Promoting Recovery or Hedging a Bet against Extinction: Austin, Texas's Risky Approach to Ensuring Endangered Species' Survival in the Texas Hill Country
Taylor, Melinda E., Environmental Law
Congress enacted the Endangered Species Act(1) ("ESA" or the "Act" "to restore species that are so depleted in numbers that they are in danger of, or threatened with, extinction."(2) Recognizing that the threat of extinction is almost always caused by loss of habitat, Congress stated that the purpose of the ESA is "to provide a means whereby the ecosystems upon which endangered species and threatened species depend may be conserved."(3)
Today, twenty years after passage of the ESA, its record as the federal government's primary tool for protecting biodiversity is far from glowing. Over 650 species are listed as endangered or threatened,(4) and more than 3,600 others have been identified by the U.S. Fish and Wildlife Service (USFWS or Service) as candidates for listing.(5) Only seven species on the endangered list have recovered to the point that they merited "delisting," though 238 others are believed to be "stable or improving,"(6) and at least seven species have become extinct after being placed on the endangered list.(7)
The ESA's limited success thus far is attributable in part to its inadequate protection of the habitat that listed species require.(8) Nevertheless, in many jurisdictions the ESA is the only legal tool for modifying a project that would destroy essential habitat; it is the safety net for protecting habitat that is not a wetland,(9) and is not located in a national park(10) or wilderness area,(11) or on federal or state land otherwise protected from development. Consequently, the Act has been invoked to modify projects ranging from interstate highways(12) to Forest Service logging plans,(13) and to compel state regulation of groundwater withdrawals.(14) Very rarely, the ESA has been used to stop a proposed project altogether.(15)
In this era of rapid suburban and exurban sprawl,(16) more and more places which are rich in natural resources--and important habitat for endangered and threatened species--are under siege by construction and development.(17) Because few state or local jurisdictions have taken steps to plan comprehensively for growth, and even those which have tried to plan have not done so with a focus on habitat protection for rare species, it is likely that the ESA and the agencies that are responsible for implementing the Act will continue to bear the brunt of the burden of protecting endangered species' habitat.(18)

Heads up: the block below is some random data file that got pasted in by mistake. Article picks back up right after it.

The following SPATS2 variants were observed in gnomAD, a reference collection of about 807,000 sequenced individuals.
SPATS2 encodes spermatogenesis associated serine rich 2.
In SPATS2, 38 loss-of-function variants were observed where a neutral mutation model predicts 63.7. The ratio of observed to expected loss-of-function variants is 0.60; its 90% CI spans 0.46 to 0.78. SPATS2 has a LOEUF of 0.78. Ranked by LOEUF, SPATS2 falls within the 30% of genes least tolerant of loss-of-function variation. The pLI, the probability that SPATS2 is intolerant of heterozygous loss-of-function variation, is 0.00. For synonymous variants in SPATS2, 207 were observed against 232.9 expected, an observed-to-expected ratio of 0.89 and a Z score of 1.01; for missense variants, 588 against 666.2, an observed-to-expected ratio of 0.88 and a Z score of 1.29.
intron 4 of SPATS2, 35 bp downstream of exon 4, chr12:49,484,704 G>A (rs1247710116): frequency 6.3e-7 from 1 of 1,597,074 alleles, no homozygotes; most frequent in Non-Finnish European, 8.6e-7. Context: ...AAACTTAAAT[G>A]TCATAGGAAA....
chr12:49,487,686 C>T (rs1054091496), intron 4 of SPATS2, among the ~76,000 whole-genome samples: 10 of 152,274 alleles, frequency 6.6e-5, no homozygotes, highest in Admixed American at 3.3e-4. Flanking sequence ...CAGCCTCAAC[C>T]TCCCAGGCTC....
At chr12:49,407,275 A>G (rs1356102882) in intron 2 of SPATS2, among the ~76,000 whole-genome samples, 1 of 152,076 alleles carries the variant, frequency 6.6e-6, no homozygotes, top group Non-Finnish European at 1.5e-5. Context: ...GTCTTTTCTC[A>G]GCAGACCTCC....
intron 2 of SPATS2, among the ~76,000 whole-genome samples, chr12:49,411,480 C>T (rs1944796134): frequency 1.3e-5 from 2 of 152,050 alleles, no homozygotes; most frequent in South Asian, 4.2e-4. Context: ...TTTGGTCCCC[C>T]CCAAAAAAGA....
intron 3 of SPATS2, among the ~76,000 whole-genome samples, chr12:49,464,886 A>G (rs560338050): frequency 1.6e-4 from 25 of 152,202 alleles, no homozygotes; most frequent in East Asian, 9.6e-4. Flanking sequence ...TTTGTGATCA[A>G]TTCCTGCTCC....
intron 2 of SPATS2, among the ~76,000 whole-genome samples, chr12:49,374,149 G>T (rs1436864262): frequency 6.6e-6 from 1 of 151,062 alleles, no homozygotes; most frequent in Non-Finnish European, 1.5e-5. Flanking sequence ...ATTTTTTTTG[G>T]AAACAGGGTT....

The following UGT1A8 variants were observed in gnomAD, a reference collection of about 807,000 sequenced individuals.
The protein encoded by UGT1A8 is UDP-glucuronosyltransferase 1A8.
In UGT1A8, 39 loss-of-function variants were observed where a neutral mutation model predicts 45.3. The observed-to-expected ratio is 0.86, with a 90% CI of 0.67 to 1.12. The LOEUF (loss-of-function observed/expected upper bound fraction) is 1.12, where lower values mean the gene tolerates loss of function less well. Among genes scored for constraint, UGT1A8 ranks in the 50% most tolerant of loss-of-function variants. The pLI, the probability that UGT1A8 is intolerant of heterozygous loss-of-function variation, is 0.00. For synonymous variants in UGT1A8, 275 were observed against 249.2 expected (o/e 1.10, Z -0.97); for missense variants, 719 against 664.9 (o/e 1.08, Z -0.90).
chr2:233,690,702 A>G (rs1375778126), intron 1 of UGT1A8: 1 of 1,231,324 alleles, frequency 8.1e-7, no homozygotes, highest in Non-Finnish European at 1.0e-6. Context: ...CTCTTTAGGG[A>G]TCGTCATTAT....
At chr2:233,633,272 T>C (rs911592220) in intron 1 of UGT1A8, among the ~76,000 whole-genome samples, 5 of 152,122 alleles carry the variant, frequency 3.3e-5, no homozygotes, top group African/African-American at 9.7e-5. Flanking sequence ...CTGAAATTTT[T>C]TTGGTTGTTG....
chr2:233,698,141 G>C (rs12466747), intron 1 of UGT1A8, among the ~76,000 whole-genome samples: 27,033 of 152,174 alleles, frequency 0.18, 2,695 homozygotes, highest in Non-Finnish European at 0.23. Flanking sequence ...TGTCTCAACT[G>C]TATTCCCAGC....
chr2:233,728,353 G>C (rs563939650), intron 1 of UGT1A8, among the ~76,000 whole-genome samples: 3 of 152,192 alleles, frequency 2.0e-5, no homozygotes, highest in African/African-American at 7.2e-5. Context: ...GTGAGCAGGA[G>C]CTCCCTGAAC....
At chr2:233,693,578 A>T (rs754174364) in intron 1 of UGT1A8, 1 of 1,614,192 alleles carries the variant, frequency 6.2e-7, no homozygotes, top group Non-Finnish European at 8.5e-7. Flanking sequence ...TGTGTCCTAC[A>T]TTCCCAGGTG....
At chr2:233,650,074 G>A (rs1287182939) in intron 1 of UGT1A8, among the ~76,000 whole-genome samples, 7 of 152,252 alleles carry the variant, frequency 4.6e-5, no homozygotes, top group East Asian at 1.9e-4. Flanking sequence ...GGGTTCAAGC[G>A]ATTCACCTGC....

In this article, I discuss regional habitat conservation planning, which is, as a practical matter, the ESA's only viable mechanism for dealing with large-scale habitat protection. I focus primarily on the Balcones Canyonlands Conservation Plan ("BCCP"), the regional habitat conservation plan ("HCP") that has been debated for Austin, Texas and the surrounding area since 1988.(19) While regional HCPs are promising in terms of their potential to protect large tracts of habitat while allowing development, the current model for regional HCPs, in which a tract of preserve land is set aside and unhampered development is permitted in the remainder of the area, has significant shortcomings in terms of providing adequate protection for endangered species. Austin's situation exemplies those shortcomings.
In Austin, the BCCP was promoted for five years as the solution to conflicts between species protection and economic growth. Consequently, the local governmental entities, environmentalists, and business interests pursued no other avenues for compromise and habitat protection. When a county bond measure to raise funds for the acquisition of habitat preserve areas failed in November 1993,(20) the BCCP's potential for solving the region's endangered species problems all but disappeared. Even if the bond issue had been approved by Austin voters, fundamental problems with the BCCP would have remained. Paramount among those problems was that the BCCP's preserve system alone would not have promoted the recovery of the species for which it was designed to protect. …